Digest>Archives> Jan/Feb 2005

Town Takes Ownership of Oak Island Lighthouse in North Carolina

By Jeremy D'Entremont

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The South Brunswick Middle School chorus and ...

Constructed in 1958, Oak Island Lighthouse is the second tallest concrete lighthouse in the U.S. and one of the last lighthouses built by the federal government. To the uninititated, it may look a bit like a smokestack, but the 155-foot tower at the western entrance to the Cape Fear River in North Carolina is an important navigational aid and a local icon. At a ceremony on October 18, 2004, it became the property of the Town of Caswell Beach. The Coast Guard will continue to maintain the active light – one of the most powerful in the world – and related equipment.

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Oak Island Lighthouse, North Carolina

This transfer didn’t fall under the provisions of the National Historic Lighthouse Preservation ACT of 2000, since the tower isn’t old enough to be considered a historic lighthouse under the Act. In this case, the transfer came under the Federal Lands to Parks program of the National Park Service. Along with the lighthouse, the Town acquired 5.7 acres of property. The 5.3-acre parcel across the road from the lighthouse will be turned into a public park.

The U.S. Coast Guard station next door to the lighthouse was destroyed by fire on February 1, 2002. A new Coast Guard operations building on the site opened in July 2004. The personnel of the station, along with the crew of the Coast Guard Cutter Blackberry, were the hosts for the ceremony. BMCS Newman Cantrell, the officer in charge of the station, served as master of ceremonies.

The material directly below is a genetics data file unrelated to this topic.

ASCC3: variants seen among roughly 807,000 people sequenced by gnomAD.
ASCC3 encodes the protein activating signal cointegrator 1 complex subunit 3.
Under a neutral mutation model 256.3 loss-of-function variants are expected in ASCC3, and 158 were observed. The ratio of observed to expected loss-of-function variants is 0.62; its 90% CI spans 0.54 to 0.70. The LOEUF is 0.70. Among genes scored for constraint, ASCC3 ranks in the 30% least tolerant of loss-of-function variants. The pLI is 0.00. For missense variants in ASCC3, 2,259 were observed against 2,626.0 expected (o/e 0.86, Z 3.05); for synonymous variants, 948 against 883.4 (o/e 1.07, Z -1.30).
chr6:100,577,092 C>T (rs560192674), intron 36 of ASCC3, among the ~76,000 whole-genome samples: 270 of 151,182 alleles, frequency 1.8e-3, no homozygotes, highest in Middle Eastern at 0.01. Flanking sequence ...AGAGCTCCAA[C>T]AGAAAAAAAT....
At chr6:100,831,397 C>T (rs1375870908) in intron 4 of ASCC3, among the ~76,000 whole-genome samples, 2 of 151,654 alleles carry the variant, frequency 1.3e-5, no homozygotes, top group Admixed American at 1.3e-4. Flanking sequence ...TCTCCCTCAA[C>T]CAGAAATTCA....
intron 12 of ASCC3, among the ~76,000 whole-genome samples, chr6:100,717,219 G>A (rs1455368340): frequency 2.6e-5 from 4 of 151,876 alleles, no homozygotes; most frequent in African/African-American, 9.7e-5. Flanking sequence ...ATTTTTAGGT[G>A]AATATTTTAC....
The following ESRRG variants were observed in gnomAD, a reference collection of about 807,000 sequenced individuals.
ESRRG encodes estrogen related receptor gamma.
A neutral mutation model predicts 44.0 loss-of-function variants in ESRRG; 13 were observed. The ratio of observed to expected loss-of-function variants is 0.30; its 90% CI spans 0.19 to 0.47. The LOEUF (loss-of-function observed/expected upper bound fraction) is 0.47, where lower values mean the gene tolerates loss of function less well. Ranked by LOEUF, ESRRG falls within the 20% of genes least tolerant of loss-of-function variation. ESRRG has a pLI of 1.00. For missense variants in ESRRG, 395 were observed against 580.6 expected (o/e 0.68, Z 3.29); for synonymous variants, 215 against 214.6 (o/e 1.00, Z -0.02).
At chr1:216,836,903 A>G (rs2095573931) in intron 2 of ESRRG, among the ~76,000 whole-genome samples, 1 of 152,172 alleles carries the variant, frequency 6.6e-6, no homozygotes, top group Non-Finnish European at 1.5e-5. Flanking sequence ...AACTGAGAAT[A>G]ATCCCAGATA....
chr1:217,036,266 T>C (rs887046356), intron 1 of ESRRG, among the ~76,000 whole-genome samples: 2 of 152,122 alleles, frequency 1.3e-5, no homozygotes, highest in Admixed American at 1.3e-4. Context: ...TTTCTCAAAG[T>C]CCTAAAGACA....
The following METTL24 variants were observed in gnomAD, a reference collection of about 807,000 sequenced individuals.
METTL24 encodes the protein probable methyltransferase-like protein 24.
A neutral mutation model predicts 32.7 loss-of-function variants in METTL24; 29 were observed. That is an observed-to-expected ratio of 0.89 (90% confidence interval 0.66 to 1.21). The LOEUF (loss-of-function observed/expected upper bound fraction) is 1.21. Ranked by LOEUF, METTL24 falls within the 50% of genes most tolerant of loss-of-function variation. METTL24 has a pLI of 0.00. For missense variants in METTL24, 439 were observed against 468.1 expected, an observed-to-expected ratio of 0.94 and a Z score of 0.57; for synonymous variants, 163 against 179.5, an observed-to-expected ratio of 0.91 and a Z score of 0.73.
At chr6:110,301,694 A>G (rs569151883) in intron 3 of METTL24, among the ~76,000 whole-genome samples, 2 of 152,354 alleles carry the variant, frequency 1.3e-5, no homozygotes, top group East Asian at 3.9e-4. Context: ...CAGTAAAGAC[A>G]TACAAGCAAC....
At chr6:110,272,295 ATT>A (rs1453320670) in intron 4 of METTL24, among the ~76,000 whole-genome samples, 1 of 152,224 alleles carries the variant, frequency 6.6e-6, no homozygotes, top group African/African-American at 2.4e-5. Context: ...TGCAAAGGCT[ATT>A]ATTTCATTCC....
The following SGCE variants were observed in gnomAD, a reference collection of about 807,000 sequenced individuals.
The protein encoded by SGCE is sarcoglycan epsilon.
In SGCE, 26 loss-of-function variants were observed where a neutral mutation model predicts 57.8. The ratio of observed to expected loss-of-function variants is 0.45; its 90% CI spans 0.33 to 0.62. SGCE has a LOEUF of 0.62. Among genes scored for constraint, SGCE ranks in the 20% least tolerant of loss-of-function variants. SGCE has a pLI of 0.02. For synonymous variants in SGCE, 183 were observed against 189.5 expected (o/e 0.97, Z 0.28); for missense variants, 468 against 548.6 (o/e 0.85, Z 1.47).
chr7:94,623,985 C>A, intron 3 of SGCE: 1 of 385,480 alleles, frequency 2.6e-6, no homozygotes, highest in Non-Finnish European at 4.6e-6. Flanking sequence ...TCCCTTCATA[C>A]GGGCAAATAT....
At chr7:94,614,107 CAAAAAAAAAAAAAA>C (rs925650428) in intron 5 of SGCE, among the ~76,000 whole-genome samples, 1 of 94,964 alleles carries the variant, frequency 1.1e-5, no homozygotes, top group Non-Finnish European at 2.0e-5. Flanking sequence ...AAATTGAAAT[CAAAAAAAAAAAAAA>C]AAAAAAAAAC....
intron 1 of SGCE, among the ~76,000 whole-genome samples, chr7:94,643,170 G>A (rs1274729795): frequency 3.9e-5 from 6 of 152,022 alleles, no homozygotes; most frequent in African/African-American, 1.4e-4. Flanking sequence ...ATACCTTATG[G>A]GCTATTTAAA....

William Lane of the National Park Service and Coast Guard Rear Admiral Sally Brice-O’Hara, the Fifth District Commander, also took part in the event as the ceremonial key to the lighthouse was handed over to Caswell Beach Mayor Harry Simmons. Mayor Simmons

commented, “We are committed to managing the property profe-

ssionally and with sensitivity to the environment, the appropriate use of the property and the maritime

heritage it represents.”

Bill Brinkley, contractor, and Edwin Fielder, regional administrator of the General Services Administration, also addressed the assembled guests. Fielder spoke about how the transfer of lighthouses “returns American treasures to the community.”

In his keynote address, U.S. Congressman Mike McIntyre called Oak Island Lighthouse a “trusted treasure to mariners” and “a silent sentinel with subtle strength, a beam of safety, comfort and hope.” He

concluded his remarks by saying, “We have worked together to bring more light to our community.” Rep. McIntyre was an important catalyst in bringing about the transfer. The entire process took about three years.

Although it’s relatively new, Oak Island Lighthouse is not automated. The light is still switched on by Coast Guard personnel before sunset and switched off in the morning. The lighthouse’s base is firmly anchored 70 feet below the ground and they say this slender sentinel bends as much as three feet each way in high winds. It’s withstood plenty in nearly a half-century, and it was obviously built to last. There’s another big plus for the Town of Caswell Beach as it takes over maintenance of the lighthouse. It will never have to be painted, as the colors were mixed into the concrete when it was built.

This story appeared in the Jan/Feb 2005 edition of Lighthouse Digest Magazine. The print edition contains more stories than our internet edition, and each story generally contains more photographs - often many more - in the print edition. For subscription information about the print edition, click here.

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